Samsung Electronic's Semiconductor Division (B)
2002 | Case No. IB24B
In 2000, Samsung Electronics was the world’s largest manufacturer of semiconductor memory chips. It’s main line of business was the manufacture of DRAM chips, but worldwide demand had plummeted. Moreover, Intel, the world’s largest producer of microprocessors, had formed an alliance with Rambus, a memory design company, to develop a new super high-speed DRAM design that would represent a new industry standard. Senior management at Samsung faced fundamental strategic issues: Should it continue to invest in the high-risk DRAM business alone and could Samsung be a market leader by itself? Should it be steadfast in its opposition to the alternative standard, which represented new opportunities? If it adopted the Rambus design, how many resources should be devoted to the manufacture of Rambus chips? Diversification out of the volatile memory business was a key strategic issue and represented one possible means for reducing Samsung’s vulnerability to industry-wide downturns, but Samsung’s past efforts to expand its non-memory business had met with only limited success. This case provides the background to the issues Samsung faced as it debated how to meet these challenges while remaining a leading player in the semiconductor industry.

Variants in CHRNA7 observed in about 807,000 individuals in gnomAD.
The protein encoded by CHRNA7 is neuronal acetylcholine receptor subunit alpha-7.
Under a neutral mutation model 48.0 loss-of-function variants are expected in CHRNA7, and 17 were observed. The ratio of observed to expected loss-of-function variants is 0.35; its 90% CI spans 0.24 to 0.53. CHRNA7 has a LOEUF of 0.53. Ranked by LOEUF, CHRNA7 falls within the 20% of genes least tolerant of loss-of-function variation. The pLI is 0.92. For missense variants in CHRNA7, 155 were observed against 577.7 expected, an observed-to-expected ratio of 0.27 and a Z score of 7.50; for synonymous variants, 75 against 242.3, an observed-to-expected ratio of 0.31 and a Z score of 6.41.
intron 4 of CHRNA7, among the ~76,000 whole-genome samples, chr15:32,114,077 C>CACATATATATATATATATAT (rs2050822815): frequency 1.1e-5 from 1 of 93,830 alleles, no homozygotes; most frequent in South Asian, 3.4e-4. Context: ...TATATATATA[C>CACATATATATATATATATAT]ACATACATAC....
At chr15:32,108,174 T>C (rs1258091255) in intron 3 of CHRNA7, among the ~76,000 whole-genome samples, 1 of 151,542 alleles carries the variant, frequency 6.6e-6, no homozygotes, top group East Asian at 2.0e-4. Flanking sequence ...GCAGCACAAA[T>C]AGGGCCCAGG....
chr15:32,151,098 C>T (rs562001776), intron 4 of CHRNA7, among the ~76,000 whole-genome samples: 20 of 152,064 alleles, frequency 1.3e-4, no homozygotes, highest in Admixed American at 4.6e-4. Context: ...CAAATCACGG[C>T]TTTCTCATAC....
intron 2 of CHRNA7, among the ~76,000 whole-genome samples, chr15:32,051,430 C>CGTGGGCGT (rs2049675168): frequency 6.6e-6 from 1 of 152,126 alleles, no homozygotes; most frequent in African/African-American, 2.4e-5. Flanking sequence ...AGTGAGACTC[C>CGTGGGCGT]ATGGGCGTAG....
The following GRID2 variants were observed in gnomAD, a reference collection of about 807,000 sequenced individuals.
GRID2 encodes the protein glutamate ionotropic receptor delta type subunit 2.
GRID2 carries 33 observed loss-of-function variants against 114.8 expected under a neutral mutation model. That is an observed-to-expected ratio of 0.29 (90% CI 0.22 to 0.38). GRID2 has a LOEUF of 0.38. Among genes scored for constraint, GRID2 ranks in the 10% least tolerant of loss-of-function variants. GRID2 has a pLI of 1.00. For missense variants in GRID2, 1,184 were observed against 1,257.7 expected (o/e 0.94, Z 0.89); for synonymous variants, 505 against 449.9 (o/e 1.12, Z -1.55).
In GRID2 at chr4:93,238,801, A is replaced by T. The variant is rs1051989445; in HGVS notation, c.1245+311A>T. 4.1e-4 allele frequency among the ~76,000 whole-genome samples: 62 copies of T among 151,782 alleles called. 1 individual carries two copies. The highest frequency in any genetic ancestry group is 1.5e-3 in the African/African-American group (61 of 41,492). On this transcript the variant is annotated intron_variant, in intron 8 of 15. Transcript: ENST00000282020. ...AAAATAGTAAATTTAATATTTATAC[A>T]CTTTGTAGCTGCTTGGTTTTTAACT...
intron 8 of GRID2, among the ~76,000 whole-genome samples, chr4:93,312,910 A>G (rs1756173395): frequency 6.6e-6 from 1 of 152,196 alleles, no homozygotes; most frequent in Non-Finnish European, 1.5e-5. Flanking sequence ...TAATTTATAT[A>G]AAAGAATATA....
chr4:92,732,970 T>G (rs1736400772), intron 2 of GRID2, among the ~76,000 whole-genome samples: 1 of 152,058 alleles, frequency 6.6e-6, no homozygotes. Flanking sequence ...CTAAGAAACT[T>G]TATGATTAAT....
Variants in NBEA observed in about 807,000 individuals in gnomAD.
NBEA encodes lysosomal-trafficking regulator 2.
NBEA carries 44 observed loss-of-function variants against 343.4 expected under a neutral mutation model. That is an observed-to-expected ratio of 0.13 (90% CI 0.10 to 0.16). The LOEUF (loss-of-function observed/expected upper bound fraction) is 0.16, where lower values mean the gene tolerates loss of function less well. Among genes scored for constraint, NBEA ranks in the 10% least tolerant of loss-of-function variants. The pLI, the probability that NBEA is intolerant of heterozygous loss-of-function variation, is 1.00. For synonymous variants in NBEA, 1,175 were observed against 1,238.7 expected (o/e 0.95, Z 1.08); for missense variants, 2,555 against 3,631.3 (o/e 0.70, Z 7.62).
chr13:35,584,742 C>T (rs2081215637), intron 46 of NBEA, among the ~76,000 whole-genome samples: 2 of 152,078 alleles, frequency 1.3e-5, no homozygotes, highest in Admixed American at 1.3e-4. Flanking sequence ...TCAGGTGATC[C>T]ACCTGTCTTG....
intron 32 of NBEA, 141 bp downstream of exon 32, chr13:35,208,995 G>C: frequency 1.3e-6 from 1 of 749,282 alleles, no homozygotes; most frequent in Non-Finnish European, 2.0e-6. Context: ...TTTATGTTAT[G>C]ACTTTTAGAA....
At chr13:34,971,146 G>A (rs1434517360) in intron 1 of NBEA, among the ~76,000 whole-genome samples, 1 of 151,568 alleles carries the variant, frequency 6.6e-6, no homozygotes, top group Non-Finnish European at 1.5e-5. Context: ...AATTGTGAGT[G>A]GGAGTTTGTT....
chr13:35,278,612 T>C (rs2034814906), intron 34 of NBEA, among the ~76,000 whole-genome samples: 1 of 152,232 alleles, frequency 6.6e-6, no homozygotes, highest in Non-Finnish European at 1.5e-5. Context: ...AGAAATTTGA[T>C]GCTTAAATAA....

This material is available for download by current Stanford GSB students, faculty, and staff, as well as Stanford University alumni. For inquires, contact the Case Writing Officeopen in new window.
Available for Purchase